We're only a few days into the Trump era and it's becoming painfully clear that the new US president is mobilising for a war on science. This situation is eerily reminiscent of attempts to suppress science in Canada during Stephen Harper's tenure as Prime Minister, from 2006 to 2015. Here's what Canadians say American scientists and concerned citizens should expect in the next four years — and what they can do to fight back.
Illustration: Jim Cooke/Gizmodo
As feared, President Trump is turning his anti-science views into public policy. In addition to entertaining anti-vaxxer views, the US president has denied that climate change is real, calling it a pseudoscientific plot conjured by the Chinese "to make US manufacturing noncompetitive". His devotion to fossil fuels remains unwavering, placing him at odds with the latest climate projections. It's no wonder, then, that Trump has set his sights on dismantling institutional forces that could undermine his anti-science, anti-environment worldview.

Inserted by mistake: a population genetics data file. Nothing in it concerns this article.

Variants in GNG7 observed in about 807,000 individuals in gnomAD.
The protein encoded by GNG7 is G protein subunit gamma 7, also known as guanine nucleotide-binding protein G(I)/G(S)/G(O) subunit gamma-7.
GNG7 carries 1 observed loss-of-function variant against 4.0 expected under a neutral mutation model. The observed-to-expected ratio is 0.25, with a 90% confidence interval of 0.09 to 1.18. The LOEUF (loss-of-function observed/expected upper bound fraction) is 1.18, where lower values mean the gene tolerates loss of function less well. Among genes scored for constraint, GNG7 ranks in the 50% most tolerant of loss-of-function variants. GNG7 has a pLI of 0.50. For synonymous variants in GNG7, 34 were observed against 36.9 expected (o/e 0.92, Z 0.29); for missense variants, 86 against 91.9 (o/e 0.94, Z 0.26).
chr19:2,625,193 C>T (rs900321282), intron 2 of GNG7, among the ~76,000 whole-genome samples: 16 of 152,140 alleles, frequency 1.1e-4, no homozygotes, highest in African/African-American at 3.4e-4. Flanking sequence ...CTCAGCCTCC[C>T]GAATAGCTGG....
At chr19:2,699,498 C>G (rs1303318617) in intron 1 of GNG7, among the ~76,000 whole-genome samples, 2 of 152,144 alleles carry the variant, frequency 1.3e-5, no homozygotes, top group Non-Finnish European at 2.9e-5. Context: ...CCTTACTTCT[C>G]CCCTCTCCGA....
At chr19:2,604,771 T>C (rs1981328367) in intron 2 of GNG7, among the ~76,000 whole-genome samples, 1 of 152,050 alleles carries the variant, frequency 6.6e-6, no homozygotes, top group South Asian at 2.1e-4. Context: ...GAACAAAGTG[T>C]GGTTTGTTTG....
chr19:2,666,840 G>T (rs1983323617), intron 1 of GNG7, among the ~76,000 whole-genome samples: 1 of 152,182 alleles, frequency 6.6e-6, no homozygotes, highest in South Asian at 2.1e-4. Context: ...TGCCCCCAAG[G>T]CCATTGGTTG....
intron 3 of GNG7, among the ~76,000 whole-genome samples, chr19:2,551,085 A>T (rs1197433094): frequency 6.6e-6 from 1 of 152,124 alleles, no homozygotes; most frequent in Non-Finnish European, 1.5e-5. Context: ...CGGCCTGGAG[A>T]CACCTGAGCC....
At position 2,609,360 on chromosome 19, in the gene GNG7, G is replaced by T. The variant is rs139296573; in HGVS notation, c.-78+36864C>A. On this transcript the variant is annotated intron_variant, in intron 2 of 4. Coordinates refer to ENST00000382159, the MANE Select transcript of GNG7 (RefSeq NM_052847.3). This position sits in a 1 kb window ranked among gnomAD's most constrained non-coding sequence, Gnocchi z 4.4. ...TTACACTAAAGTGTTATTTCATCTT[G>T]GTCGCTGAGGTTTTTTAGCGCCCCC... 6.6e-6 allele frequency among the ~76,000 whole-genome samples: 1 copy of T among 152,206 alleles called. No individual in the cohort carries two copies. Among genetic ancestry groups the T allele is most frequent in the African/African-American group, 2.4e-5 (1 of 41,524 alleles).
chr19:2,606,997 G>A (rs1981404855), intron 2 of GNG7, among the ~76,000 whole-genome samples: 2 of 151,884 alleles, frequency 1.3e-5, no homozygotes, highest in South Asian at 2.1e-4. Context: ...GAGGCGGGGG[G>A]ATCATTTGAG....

The US Environmental Protection Agency is where Trump has struck first, setting up the EPA-bashing Scott Pruitt as its chief, freezing all EPA grants (which apparently won't last beyond the end of the week) and forbidding staffers from talking to reporters or the public. EPA scientists who want to publish or present new findings may find themselves having their research reviewed by political appointees first, although the degree of political interference to come remains unclear. A measure to stifle the US Department of Agriculture was enacted, and then (partially) rescinded mere hours later. Disruptions to science communications have also been reported at the CDC and Health and Human Services.